Tuesday, February 1, 2022

Organizing Family Papers and Photos

For many people, January and February are the months they spend the most time at home. The cold and snowy weather discourages them from venturing outside, or they feel like they need time to decompress from the excitement and stress of the winter holidays. With the recent increase in COVID cases, many people find comfort and safety in just staying home. If you're spending more time at home these days, this might be a good time to focus on organizing your family papers and photos. Like genealogy research, organizing your family papers will help you connect to your personal and local history, build relationships with your relatives and friends, and strengthen your memories. Here are some tips and resources to help you organize your family's papers and photo collections:

 Basic rules for organizing family archives:

  • Do what you can at your own pace. It's better to go slowly and give yourself time, especially if you're working with materials that bring up a lot of emotions or memories.
  • Don't be overwhelmed by the idea of doing it 'exactly right.'
  • Practice safe handling and incorporate good preservation practices into your process.
  • Label as much as you can, especially on the outside of enclosures (e.g. folders and boxes). Try to answer the five W questions (who, what, where, when, and why). Putting this information on a label will make it easier to organize your collection and reduce the amount of handling you'll need to do in the future.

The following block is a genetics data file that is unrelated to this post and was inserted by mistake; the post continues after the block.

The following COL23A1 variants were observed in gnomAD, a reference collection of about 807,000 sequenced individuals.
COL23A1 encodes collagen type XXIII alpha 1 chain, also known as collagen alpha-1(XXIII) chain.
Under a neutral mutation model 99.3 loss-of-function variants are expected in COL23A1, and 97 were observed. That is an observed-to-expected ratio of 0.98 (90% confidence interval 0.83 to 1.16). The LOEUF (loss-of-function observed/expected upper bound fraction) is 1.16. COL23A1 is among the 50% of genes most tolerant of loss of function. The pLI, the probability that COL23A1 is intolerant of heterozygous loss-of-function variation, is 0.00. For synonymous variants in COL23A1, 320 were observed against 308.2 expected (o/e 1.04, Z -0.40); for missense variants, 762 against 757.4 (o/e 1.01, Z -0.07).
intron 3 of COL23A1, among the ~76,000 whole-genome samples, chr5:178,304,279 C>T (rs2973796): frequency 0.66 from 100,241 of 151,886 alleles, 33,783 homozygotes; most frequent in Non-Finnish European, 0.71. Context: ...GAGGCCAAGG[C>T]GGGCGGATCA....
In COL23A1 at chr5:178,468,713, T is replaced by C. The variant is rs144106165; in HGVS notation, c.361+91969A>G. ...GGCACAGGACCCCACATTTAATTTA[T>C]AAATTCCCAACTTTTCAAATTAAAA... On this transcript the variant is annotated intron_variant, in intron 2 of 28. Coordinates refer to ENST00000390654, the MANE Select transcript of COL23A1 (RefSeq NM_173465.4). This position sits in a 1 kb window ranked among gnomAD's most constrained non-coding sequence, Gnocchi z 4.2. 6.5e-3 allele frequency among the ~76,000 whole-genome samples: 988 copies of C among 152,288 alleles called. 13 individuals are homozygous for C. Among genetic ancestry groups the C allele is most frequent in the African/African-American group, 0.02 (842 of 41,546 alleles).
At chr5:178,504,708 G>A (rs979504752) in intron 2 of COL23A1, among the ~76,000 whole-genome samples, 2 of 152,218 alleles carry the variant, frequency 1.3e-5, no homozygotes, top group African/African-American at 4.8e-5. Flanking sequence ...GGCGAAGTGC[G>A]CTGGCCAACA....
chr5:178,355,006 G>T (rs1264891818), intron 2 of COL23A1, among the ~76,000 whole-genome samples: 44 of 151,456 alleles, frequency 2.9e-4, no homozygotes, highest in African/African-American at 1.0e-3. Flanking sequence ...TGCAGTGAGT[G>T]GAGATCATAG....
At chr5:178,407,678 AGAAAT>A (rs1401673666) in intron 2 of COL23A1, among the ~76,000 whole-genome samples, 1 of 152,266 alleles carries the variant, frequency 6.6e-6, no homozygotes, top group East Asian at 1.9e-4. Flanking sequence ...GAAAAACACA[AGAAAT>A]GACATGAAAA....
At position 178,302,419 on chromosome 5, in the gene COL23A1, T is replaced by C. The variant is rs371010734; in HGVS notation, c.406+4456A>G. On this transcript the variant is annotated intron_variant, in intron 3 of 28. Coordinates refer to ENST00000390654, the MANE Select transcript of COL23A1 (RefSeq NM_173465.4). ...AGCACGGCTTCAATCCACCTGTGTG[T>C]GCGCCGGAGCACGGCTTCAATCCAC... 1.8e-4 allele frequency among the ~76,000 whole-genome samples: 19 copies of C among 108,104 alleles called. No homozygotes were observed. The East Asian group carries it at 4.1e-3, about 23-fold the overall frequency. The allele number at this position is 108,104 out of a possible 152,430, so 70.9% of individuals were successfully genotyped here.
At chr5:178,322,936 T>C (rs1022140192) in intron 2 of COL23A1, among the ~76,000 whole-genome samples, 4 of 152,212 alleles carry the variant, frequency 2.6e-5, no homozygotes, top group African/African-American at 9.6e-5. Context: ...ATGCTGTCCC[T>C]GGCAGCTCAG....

Practice good personal records management for the paper you are creating or collecting today:

The day-to-day business of living generates a lot of paper: receipts, pamphlets, bills, napkins, free mailing labels, shopping lists, and scraps of reminders (just to name a few). Some of these things need to be saved for a specific period of time (e.g. tax returns) and some of these things should be saved indefinitely (e.g. wills and birth certificates). Most of the paper you create and collect should be discarded, but when you're busy and focused on living your life, it's easy to let it all accumulate and mix together. One of the best things you can do for yourself and the future generations who might inherit your papers is to set aside some time regularly (e.g. every month) to sort your papers, discard what is ready to be discarded, and file what needs to be saved. Labeling and filing what you need or want to keep will make it easier to figure out what should be kept indefinitely or passed on to future generations.

Figure out what's important to keep:

There's lots of information online about what people should keep and for how long, but a lot of this advice focuses on the practical or current use of personal papers. Tax returns, for example, should be saved for several years in case you are audited or you need to amend a past return. Receipts should be saved so you can reconcile your financial statements, return items, or make claims against a warranty. However, when thinking about your papers from a historical perspective, the value or reason for keeping something may change and no longer fit the original or practical purpose. Not everything is meant to be kept indefinitely, and the reasons for keeping something may be unique to you and your family!

What to save indefinitely as part of your family archives varies from person to person and family to family, but there are a few ways to help you determine what's best for your collection. First, ask yourself:

  • How much space do I have to store the collection properly? 
  • How much money do I have to invest in archival storage boxes or folders? 
  • How much time do I have to spend organizing and labeling the collection? 
  • How much energy do I have to spend organizing and labeling the collection?
  • Who is going to help organize or take care of this collection?